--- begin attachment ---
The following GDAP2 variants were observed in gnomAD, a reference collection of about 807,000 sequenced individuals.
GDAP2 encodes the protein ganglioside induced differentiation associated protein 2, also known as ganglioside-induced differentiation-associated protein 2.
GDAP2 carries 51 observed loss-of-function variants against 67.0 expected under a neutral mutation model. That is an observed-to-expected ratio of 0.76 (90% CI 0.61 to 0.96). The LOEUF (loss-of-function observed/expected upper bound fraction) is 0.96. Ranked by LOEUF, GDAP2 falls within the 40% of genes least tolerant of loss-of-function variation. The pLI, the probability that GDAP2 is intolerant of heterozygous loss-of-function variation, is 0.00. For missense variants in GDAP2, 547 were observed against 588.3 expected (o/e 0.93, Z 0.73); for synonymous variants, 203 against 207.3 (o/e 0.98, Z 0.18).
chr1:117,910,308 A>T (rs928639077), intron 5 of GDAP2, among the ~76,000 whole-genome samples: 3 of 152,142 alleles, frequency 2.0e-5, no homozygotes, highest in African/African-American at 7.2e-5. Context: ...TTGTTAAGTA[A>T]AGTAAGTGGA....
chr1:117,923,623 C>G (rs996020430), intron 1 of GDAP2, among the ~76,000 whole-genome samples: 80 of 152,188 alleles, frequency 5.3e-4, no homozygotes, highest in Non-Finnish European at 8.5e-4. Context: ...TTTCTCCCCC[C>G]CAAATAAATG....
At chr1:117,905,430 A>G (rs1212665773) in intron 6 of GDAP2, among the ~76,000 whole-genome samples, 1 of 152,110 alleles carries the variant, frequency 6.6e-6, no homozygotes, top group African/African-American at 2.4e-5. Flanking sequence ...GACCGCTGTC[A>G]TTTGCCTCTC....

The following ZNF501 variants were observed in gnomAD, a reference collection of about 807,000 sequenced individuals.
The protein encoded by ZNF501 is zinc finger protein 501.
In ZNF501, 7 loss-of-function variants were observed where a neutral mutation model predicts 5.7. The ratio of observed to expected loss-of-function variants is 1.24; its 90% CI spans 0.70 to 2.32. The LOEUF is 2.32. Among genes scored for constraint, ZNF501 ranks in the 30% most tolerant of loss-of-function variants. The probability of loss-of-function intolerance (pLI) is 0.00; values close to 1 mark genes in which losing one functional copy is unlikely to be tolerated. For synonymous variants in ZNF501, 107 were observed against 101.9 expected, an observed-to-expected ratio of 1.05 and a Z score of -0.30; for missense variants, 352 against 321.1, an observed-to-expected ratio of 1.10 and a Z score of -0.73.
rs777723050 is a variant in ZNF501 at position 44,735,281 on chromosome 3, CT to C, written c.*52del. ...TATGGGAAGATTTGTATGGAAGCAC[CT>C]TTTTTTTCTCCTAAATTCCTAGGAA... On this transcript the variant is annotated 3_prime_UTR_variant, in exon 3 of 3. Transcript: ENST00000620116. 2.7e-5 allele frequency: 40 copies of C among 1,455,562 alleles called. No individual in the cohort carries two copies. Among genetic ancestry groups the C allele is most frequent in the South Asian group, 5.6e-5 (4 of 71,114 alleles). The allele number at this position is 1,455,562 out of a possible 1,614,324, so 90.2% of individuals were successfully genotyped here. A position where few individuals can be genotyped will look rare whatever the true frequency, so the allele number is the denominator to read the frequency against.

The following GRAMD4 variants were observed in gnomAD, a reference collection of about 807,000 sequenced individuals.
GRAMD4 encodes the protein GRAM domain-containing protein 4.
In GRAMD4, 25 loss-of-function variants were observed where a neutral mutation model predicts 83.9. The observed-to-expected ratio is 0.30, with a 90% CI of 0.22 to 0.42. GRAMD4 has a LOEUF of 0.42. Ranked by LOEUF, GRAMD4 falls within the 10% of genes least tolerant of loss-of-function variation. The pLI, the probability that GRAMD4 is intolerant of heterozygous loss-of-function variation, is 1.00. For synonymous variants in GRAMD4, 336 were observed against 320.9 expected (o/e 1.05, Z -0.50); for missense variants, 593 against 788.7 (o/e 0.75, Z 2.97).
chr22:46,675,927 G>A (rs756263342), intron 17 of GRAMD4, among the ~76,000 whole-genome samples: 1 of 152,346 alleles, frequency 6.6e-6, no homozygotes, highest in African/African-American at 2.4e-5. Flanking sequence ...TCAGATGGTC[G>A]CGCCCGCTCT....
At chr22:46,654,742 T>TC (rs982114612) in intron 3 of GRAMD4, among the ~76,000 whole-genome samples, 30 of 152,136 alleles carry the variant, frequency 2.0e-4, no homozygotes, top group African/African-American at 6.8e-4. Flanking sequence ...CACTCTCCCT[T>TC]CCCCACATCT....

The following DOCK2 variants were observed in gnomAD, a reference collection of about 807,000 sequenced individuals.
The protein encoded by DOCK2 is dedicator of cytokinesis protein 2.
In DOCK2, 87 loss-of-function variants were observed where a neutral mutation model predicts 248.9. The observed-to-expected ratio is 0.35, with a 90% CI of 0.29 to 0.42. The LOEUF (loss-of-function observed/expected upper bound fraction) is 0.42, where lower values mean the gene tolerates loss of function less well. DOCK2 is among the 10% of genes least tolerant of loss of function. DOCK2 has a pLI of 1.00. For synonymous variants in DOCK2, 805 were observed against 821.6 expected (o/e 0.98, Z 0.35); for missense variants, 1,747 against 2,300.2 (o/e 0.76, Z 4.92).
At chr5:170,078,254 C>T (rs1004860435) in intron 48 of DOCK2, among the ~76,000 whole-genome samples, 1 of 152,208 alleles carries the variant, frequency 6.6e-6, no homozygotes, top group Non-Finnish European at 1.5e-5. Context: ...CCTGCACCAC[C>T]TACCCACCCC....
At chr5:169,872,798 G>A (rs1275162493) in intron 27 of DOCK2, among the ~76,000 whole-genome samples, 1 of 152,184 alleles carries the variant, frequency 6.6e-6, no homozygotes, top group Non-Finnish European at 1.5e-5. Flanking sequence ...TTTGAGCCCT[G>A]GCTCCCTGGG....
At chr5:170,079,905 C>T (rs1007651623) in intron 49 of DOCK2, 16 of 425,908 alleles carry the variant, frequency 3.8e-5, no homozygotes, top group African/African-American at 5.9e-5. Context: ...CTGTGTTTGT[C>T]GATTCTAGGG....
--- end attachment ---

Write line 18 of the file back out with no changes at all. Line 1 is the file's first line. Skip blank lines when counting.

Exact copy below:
In DOCK2, 87 loss-of-function variants were observed where a neutral mutation model predicts 248.9. The observed-to-expected ratio is 0.35, with a 90% CI of 0.29 to 0.42. The LOEUF (loss-of-function observed/expected upper bound fraction) is 0.42, where lower values mean the gene tolerates loss of function less well. DOCK2 is among the 10% of genes least tolerant of loss of function. DOCK2 has a pLI of 1.00. For synonymous variants in DOCK2, 805 were observed against 821.6 expected (o/e 0.98, Z 0.35); for missense variants, 1,747 against 2,300.2 (o/e 0.76, Z 4.92).